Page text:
We scarcely know the life that exists on this planet. A new estimate suggests that there are 1 trillion species of microbes on Earth, and humans have only described less than one-thousandth of 1 percent of these (0.001 percent).
Jay Lennon and Kenneth Locey, researchers at Indiana University, came up with the estimate after combing through a massive amount of data, including samplings of microbial diversity from about 3,500 unique sites, ranging from human skin and coral reefs to animal intestines and mountain streams.
For plants and animals, scientists have found that they can reliably predict how many species they expect to find in a certain area, given details like the type of environment, how much food is around and the level of competition for essential resources. These reliable relationships are called scaling laws; Lennon and Locey wanted to see if one of these laws, governing the relationship between abundance and diversity, would also apply to the microbial world.
It turns out this law matched the data they found on microbes extremely well. Using this pattern, they were then able to extrapolate the total number of species they’d expect to see across the entire planet.
The estimate shows just how little we know about microbes. “We’re far, far away from being anywhere near a complete census of microbial life,” says Lennon, co-author of a study describing the findings, published May 2 in the journal Proceedings of the National Academy of Sciences.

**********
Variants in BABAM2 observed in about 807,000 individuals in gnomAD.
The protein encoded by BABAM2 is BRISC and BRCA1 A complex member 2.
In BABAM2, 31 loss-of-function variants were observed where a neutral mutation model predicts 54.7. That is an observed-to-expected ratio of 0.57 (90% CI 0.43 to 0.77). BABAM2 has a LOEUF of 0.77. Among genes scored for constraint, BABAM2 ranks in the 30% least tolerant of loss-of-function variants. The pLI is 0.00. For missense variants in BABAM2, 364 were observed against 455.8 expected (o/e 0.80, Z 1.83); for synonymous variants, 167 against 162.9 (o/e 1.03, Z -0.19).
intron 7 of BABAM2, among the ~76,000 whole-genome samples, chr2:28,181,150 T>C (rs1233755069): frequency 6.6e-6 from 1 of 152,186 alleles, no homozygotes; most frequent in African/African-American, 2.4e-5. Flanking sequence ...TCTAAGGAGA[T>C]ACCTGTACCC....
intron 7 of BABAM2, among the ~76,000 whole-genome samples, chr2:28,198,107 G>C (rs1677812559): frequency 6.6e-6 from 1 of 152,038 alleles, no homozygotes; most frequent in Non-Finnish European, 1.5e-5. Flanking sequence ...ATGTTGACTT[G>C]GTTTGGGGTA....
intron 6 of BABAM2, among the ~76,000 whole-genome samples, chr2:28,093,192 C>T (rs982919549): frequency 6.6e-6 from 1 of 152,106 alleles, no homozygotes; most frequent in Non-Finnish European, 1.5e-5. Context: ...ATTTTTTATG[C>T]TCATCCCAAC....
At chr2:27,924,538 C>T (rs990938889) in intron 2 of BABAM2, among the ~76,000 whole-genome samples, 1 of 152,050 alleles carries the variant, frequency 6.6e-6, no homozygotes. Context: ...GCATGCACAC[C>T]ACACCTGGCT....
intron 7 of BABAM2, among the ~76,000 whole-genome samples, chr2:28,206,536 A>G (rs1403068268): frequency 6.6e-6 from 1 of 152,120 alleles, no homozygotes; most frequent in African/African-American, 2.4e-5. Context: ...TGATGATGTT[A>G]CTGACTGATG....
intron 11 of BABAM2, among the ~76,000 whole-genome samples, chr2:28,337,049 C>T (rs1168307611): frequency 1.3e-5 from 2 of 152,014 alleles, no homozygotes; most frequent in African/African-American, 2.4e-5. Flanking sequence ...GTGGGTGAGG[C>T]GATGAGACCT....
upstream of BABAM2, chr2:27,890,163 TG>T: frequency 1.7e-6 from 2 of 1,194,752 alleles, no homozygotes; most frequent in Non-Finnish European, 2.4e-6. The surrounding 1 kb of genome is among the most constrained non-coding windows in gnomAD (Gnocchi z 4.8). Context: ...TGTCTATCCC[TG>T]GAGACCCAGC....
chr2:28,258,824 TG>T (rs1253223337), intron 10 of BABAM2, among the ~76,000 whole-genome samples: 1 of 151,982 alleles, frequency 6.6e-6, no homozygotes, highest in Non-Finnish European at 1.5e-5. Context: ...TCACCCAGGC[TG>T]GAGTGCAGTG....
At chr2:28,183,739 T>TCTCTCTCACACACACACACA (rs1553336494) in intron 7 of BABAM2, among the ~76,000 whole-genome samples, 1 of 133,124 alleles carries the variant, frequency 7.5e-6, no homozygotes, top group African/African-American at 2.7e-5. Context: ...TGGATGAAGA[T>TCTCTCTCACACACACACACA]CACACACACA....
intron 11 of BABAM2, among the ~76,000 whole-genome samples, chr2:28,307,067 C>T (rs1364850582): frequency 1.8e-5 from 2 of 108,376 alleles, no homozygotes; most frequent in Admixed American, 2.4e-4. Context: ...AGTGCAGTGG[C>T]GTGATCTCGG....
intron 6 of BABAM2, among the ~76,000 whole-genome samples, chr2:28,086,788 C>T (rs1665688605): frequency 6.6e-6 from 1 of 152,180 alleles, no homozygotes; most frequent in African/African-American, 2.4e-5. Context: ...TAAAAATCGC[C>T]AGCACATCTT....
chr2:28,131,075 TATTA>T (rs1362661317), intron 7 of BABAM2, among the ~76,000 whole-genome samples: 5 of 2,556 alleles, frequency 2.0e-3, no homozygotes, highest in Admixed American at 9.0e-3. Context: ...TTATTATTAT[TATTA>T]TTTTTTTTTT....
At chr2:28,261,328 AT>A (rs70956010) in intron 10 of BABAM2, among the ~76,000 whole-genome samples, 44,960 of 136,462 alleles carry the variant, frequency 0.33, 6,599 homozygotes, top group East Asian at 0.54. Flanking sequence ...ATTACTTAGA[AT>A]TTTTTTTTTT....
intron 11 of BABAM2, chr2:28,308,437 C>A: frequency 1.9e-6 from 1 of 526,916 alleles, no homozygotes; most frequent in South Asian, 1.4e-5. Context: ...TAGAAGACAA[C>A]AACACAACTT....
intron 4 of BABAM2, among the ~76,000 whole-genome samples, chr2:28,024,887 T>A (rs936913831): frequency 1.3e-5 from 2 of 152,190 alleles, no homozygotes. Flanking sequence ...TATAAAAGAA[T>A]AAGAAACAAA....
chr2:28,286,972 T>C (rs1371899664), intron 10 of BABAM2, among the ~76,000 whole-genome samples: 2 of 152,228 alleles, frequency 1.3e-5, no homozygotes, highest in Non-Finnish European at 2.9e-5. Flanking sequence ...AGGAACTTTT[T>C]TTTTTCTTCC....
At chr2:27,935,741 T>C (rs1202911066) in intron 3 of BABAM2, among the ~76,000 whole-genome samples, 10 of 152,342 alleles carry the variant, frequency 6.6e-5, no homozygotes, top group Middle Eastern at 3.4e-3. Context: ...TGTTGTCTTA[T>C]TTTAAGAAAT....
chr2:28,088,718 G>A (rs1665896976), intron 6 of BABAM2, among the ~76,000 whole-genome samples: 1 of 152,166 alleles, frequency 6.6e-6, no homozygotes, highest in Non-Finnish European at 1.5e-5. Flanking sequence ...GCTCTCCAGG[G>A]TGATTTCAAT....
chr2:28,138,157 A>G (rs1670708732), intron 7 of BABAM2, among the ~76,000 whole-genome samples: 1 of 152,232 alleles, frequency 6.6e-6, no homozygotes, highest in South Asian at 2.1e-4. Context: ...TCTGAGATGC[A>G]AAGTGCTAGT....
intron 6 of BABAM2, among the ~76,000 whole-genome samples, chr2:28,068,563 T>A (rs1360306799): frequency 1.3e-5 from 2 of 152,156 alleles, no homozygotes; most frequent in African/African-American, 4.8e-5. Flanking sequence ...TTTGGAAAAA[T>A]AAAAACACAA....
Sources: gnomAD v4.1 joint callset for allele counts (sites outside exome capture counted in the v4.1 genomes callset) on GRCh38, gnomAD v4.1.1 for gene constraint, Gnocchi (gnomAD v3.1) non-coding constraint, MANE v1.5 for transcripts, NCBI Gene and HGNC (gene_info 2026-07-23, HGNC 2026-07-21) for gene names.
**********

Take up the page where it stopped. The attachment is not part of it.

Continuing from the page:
The degree of microbial diversity is often difficult to comprehend. In one study, published in July 2015 in the journal Nature, for example, scientists found 35 phyla (plural of phylum, the second-largest taxonomic domain of life) of microbes in a single aquifer in Colorado. To put that in perspective, that is the same number of phyla in the entire animal kingdom. And of the approximately 6 million species of microbes identified, only about 10,000 have been grown in the lab. This means that there is a vast gap in our knowledge of microbes’ genetics and properties—such as their size and shape, chemicals they produce and behavior—that can sometimes only be observed once they have been isolated in a lab.
James O’Dwyer, a researcher at University of Illinois, applauds the effort and says the extrapolation was worth doing, but that “there are a lot of ways it could go wrong, and the authors would probably agree with that.” The relationship between abundance and diversity that apply at smaller scales may not hold true over the entire Earth, for example, and could lead the estimate to be off by a large amount. That said, these kinds of extrapolations are common in science, and always contain a certain degree of uncertainty. “It will be exciting to see if these predictions hold as more species are discovered,” O’Dwyer adds.
“We could definitely say we’re living in a microbial world,” dominated by microbes that we barely know at all, Lennon says.